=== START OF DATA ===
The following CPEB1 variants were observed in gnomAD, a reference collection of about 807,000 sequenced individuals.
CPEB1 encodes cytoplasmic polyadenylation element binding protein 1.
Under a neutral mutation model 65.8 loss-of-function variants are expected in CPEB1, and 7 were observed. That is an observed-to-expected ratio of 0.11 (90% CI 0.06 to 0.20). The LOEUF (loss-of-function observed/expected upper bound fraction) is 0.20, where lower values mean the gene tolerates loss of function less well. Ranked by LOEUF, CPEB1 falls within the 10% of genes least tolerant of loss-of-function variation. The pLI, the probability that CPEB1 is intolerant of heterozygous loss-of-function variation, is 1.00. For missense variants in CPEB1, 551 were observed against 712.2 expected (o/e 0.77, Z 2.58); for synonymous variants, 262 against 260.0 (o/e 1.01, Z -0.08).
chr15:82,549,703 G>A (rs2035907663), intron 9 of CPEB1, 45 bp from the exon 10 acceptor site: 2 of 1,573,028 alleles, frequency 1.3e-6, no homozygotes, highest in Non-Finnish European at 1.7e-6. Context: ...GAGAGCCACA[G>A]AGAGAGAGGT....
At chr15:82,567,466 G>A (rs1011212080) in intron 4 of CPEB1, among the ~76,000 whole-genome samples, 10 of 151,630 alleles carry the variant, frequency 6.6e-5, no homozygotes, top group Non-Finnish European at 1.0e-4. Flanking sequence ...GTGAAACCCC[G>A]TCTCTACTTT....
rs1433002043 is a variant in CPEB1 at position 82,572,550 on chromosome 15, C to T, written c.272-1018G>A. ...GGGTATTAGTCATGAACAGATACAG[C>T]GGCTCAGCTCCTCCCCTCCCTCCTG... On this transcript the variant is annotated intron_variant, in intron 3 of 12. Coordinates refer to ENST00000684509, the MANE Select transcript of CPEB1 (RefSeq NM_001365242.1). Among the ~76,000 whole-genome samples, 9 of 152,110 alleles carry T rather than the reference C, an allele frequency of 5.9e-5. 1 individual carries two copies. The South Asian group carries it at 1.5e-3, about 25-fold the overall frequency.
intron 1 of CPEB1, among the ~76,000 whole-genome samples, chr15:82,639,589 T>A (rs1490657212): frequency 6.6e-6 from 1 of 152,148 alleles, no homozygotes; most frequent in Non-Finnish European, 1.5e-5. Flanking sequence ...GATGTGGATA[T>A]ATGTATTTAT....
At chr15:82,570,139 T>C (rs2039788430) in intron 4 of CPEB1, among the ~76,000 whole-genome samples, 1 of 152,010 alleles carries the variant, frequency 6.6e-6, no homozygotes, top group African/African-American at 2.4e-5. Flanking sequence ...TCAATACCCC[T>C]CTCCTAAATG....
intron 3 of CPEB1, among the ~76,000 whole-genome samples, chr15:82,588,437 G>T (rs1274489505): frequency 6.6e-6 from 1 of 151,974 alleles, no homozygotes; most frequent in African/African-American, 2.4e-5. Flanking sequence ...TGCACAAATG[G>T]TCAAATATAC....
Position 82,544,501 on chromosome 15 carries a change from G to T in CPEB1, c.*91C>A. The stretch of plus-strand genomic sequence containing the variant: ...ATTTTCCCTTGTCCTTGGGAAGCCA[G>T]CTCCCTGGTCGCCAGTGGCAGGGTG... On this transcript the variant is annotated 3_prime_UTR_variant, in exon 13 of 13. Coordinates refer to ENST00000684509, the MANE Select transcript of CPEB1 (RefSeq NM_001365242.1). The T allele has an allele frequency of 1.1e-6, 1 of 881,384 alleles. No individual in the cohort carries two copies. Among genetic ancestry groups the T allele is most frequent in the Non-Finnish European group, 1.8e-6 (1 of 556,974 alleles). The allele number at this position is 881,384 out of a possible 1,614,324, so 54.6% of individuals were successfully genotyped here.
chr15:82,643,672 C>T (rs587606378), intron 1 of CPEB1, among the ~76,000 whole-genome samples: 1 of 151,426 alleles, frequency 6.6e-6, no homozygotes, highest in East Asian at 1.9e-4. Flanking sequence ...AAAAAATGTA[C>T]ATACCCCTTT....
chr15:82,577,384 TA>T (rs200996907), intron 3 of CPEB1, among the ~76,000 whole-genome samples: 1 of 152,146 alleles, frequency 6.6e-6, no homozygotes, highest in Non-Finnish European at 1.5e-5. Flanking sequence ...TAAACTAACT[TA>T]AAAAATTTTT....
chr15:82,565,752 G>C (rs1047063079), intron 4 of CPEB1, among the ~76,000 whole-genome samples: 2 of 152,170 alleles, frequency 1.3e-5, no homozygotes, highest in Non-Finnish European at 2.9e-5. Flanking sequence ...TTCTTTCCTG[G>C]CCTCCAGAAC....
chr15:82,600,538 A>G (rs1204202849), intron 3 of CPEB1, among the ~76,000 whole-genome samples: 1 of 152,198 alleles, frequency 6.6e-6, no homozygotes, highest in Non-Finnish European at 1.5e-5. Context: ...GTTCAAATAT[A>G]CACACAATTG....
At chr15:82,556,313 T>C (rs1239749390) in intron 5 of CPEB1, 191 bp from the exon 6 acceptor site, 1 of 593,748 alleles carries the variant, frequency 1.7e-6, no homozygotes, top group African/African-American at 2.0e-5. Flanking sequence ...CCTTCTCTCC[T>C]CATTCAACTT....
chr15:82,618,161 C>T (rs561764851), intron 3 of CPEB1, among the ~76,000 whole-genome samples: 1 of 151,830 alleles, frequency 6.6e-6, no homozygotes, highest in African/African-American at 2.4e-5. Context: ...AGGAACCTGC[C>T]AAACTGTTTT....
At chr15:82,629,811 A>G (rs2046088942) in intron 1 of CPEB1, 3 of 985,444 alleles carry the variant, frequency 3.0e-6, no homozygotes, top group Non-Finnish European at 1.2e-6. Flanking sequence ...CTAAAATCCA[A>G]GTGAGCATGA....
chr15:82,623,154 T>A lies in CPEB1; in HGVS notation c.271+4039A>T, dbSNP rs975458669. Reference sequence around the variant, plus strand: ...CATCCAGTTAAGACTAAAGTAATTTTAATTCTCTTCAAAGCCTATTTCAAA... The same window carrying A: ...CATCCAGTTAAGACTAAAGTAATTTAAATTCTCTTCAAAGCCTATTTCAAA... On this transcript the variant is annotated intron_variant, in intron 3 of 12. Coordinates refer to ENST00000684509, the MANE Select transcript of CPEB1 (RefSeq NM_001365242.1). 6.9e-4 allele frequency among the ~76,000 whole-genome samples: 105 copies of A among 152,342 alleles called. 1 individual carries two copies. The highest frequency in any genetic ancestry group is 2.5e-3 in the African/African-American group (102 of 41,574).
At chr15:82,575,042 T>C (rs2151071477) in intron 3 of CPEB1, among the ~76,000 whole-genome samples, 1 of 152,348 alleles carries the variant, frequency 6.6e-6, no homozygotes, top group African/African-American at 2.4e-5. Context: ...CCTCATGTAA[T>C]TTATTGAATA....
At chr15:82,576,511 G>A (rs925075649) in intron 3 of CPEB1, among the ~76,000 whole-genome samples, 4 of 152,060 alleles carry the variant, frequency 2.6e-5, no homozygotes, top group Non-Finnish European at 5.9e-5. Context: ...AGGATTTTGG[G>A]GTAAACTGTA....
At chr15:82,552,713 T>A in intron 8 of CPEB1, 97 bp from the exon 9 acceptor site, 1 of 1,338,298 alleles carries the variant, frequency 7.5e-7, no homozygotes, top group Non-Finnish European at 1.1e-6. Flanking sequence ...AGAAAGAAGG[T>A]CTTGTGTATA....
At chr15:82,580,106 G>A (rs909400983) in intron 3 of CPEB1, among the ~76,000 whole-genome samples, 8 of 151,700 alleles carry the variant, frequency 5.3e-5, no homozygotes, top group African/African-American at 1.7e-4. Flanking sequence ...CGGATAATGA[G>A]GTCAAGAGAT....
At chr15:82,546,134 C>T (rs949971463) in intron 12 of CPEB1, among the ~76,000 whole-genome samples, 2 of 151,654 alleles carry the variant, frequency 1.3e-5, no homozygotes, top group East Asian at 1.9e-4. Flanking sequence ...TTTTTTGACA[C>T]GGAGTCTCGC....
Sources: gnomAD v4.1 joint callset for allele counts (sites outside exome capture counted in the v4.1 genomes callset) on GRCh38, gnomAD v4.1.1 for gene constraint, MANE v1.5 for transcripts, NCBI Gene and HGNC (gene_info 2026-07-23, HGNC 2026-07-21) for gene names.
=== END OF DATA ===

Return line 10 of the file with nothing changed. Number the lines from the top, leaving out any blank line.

Position 82,544,501 on chromosome 15 carries a change from G to T in CPEB1, c.*91C>A. The stretch of plus-strand genomic sequence containing the variant: ...ATTTTCCCTTGTCCTTGGGAAGCCA[G>T]CTCCCTGGTCGCCAGTGGCAGGGTG... On this transcript the variant is annotated 3_prime_UTR_variant, in exon 13 of 13. Coordinates refer to ENST00000684509, the MANE Select transcript of CPEB1 (RefSeq NM_001365242.1). The T allele has an allele frequency of 1.1e-6, 1 of 881,384 alleles. No individual in the cohort carries two copies. Among genetic ancestry groups the T allele is most frequent in the Non-Finnish European group, 1.8e-6 (1 of 556,974 alleles). The allele number at this position is 881,384 out of a possible 1,614,324, so 54.6% of individuals were successfully genotyped here.